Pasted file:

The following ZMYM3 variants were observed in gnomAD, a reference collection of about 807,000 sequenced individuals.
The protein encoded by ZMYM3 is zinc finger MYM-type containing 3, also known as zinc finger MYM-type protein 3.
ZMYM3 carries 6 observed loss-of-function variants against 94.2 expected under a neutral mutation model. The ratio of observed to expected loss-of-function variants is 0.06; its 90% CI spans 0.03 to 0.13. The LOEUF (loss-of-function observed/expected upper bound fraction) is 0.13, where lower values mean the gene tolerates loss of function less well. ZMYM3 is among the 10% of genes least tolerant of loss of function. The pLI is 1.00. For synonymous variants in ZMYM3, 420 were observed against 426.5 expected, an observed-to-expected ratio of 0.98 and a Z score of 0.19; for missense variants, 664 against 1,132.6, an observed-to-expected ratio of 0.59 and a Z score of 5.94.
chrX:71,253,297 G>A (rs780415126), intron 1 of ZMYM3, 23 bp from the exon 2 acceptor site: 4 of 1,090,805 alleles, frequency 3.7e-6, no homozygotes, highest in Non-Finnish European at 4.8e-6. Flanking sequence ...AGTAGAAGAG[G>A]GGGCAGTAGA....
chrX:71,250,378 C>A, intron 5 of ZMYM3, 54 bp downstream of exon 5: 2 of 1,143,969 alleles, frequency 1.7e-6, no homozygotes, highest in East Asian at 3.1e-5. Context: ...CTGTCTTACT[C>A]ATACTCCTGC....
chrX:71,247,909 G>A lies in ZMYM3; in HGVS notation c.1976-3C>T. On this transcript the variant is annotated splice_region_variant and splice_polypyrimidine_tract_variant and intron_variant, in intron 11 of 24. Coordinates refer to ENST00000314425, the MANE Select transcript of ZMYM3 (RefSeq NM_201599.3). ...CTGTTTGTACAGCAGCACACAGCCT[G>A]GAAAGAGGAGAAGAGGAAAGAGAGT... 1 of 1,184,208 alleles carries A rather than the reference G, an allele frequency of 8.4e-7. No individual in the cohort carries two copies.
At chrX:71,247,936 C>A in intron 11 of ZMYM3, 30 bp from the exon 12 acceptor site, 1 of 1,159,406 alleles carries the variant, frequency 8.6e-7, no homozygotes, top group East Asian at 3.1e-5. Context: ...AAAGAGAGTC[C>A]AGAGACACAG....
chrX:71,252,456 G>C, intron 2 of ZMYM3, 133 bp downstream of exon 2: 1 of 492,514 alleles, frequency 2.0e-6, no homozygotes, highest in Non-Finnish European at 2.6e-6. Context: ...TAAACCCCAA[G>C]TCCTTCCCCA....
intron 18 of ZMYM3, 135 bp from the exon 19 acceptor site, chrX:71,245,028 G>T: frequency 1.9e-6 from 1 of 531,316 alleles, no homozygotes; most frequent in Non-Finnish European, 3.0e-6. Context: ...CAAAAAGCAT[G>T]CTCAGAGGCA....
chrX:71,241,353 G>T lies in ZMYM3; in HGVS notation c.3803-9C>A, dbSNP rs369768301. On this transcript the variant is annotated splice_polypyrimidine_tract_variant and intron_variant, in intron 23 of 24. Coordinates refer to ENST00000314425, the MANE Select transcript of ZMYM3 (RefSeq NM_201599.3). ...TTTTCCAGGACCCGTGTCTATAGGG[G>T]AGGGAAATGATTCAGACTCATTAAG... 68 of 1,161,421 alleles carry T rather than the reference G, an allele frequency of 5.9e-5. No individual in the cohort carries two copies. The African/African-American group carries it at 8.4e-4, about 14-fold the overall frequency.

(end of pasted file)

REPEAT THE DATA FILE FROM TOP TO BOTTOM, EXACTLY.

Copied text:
The following ZMYM3 variants were observed in gnomAD, a reference collection of about 807,000 sequenced individuals.
The protein encoded by ZMYM3 is zinc finger MYM-type containing 3, also known as zinc finger MYM-type protein 3.
ZMYM3 carries 6 observed loss-of-function variants against 94.2 expected under a neutral mutation model. The ratio of observed to expected loss-of-function variants is 0.06; its 90% CI spans 0.03 to 0.13. The LOEUF (loss-of-function observed/expected upper bound fraction) is 0.13, where lower values mean the gene tolerates loss of function less well. ZMYM3 is among the 10% of genes least tolerant of loss of function. The pLI is 1.00. For synonymous variants in ZMYM3, 420 were observed against 426.5 expected, an observed-to-expected ratio of 0.98 and a Z score of 0.19; for missense variants, 664 against 1,132.6, an observed-to-expected ratio of 0.59 and a Z score of 5.94.
chrX:71,253,297 G>A (rs780415126), intron 1 of ZMYM3, 23 bp from the exon 2 acceptor site: 4 of 1,090,805 alleles, frequency 3.7e-6, no homozygotes, highest in Non-Finnish European at 4.8e-6. Flanking sequence ...AGTAGAAGAG[G>A]GGGCAGTAGA....
chrX:71,250,378 C>A, intron 5 of ZMYM3, 54 bp downstream of exon 5: 2 of 1,143,969 alleles, frequency 1.7e-6, no homozygotes, highest in East Asian at 3.1e-5. Context: ...CTGTCTTACT[C>A]ATACTCCTGC....
chrX:71,247,909 G>A lies in ZMYM3; in HGVS notation c.1976-3C>T. On this transcript the variant is annotated splice_region_variant and splice_polypyrimidine_tract_variant and intron_variant, in intron 11 of 24. Coordinates refer to ENST00000314425, the MANE Select transcript of ZMYM3 (RefSeq NM_201599.3). ...CTGTTTGTACAGCAGCACACAGCCT[G>A]GAAAGAGGAGAAGAGGAAAGAGAGT... 1 of 1,184,208 alleles carries A rather than the reference G, an allele frequency of 8.4e-7. No individual in the cohort carries two copies.
At chrX:71,247,936 C>A in intron 11 of ZMYM3, 30 bp from the exon 12 acceptor site, 1 of 1,159,406 alleles carries the variant, frequency 8.6e-7, no homozygotes, top group East Asian at 3.1e-5. Context: ...AAAGAGAGTC[C>A]AGAGACACAG....
chrX:71,252,456 G>C, intron 2 of ZMYM3, 133 bp downstream of exon 2: 1 of 492,514 alleles, frequency 2.0e-6, no homozygotes, highest in Non-Finnish European at 2.6e-6. Context: ...TAAACCCCAA[G>C]TCCTTCCCCA....
intron 18 of ZMYM3, 135 bp from the exon 19 acceptor site, chrX:71,245,028 G>T: frequency 1.9e-6 from 1 of 531,316 alleles, no homozygotes; most frequent in Non-Finnish European, 3.0e-6. Context: ...CAAAAAGCAT[G>T]CTCAGAGGCA....
chrX:71,241,353 G>T lies in ZMYM3; in HGVS notation c.3803-9C>A, dbSNP rs369768301. On this transcript the variant is annotated splice_polypyrimidine_tract_variant and intron_variant, in intron 23 of 24. Coordinates refer to ENST00000314425, the MANE Select transcript of ZMYM3 (RefSeq NM_201599.3). ...TTTTCCAGGACCCGTGTCTATAGGG[G>T]AGGGAAATGATTCAGACTCATTAAG... 68 of 1,161,421 alleles carry T rather than the reference G, an allele frequency of 5.9e-5. No individual in the cohort carries two copies. The African/African-American group carries it at 8.4e-4, about 14-fold the overall frequency.